Through a series of interviews and portraits WOMANHOOD explores different aspects and complex issues related to womanhood with a more intimate view. More about the project here.
Gender is 85% what other people say you are, and 15% what you actually feel. Gender is a performance, and cisgender women have to perform their femininity just as much as I do. The difference, I suppose, is that cisgender women have a huge head start on how to act, on how to dress, on subconscious social cues. Have an upward inflection at the end of your sentences, take up less space, shave your legs, wear dresses, wear makeup, smile more, be compliant. It’s all the same baggage, it’s the same pressures. Whether its appearance, or behavior, or speech pattern, it’s all the same.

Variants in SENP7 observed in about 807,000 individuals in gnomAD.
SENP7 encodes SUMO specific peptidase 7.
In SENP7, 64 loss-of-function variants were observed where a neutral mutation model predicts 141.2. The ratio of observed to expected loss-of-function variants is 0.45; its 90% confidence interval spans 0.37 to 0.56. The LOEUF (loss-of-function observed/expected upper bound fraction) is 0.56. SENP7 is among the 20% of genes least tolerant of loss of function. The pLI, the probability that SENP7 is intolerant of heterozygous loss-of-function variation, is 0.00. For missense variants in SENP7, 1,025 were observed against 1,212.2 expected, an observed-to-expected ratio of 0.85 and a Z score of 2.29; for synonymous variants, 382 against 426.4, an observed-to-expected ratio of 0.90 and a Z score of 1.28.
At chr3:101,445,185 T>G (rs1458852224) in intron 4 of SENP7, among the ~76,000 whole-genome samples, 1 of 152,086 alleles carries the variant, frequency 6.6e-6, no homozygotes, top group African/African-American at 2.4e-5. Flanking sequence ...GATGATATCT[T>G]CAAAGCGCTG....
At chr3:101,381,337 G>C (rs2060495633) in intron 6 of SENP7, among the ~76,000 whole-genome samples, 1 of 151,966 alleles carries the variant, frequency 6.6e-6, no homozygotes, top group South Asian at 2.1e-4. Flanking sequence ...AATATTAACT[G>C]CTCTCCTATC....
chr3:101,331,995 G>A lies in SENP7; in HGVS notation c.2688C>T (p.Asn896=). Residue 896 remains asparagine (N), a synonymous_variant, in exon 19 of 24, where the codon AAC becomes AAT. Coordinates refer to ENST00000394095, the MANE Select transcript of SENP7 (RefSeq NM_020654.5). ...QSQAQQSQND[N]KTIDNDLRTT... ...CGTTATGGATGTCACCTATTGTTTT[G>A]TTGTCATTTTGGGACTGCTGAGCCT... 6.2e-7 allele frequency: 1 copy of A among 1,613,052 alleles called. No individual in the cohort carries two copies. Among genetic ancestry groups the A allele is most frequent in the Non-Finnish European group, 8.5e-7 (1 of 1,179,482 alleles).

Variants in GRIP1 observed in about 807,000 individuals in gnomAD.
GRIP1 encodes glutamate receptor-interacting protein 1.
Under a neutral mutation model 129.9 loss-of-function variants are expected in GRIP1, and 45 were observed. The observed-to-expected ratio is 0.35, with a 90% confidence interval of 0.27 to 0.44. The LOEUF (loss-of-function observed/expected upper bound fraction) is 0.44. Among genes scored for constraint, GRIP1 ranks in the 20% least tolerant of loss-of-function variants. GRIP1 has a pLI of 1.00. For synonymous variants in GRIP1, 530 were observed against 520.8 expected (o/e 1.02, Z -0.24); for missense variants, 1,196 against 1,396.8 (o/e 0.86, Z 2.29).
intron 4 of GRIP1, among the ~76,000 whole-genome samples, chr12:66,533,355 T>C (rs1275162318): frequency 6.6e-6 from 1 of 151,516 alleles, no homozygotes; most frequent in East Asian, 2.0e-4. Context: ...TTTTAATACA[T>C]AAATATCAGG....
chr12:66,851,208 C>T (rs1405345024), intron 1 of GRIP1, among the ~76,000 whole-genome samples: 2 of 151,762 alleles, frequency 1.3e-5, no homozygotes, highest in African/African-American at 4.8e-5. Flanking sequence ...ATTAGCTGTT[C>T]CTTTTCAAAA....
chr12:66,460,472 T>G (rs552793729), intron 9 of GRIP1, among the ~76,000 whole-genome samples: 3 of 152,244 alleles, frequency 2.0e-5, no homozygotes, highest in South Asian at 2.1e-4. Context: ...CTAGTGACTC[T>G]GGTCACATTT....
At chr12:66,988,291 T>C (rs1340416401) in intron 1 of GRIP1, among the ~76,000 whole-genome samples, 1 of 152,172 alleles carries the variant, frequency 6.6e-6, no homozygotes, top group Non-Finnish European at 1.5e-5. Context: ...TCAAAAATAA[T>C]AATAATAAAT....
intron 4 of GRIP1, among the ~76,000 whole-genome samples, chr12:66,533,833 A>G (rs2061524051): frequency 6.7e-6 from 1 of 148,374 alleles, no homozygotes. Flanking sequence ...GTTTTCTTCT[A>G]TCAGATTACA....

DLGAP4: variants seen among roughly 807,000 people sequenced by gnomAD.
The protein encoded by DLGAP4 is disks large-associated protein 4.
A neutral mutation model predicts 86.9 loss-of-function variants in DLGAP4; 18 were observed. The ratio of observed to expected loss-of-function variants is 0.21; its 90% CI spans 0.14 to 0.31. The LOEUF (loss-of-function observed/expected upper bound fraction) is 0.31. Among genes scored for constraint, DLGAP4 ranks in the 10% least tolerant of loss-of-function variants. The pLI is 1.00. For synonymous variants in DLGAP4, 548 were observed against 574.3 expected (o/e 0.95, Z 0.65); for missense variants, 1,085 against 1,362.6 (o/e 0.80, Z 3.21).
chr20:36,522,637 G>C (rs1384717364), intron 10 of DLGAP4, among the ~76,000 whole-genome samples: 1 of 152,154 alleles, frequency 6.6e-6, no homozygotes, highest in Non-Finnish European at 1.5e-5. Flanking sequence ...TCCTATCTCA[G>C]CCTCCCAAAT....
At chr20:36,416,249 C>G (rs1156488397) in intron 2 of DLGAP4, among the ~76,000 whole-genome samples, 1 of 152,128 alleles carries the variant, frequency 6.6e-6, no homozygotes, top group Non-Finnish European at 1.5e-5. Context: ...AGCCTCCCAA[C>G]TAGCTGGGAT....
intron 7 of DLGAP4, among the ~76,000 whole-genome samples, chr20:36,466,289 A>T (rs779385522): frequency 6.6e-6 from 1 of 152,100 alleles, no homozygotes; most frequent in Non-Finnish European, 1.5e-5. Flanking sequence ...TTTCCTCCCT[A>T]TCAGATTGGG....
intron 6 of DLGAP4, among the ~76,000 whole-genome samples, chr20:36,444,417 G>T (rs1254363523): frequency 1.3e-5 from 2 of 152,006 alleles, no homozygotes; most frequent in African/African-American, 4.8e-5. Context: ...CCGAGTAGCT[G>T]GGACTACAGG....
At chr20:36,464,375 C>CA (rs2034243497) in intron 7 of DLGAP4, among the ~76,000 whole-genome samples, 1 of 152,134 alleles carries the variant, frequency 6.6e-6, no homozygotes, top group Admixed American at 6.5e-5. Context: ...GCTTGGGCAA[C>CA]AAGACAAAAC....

But for transgender women, we have to work twice as hard to be accepted. We have to fight through what we’ve internalized about the state of being that comes with being a transgender person. We have to constantly deal with stereotypes born in medias that we exist as punchlines, as comic relief, as “man in a dress” jokes. We have to deal with the internal pressures of “being feminine enough” as well as the external pressures of being an acceptable kind of feminine for strangers on the street.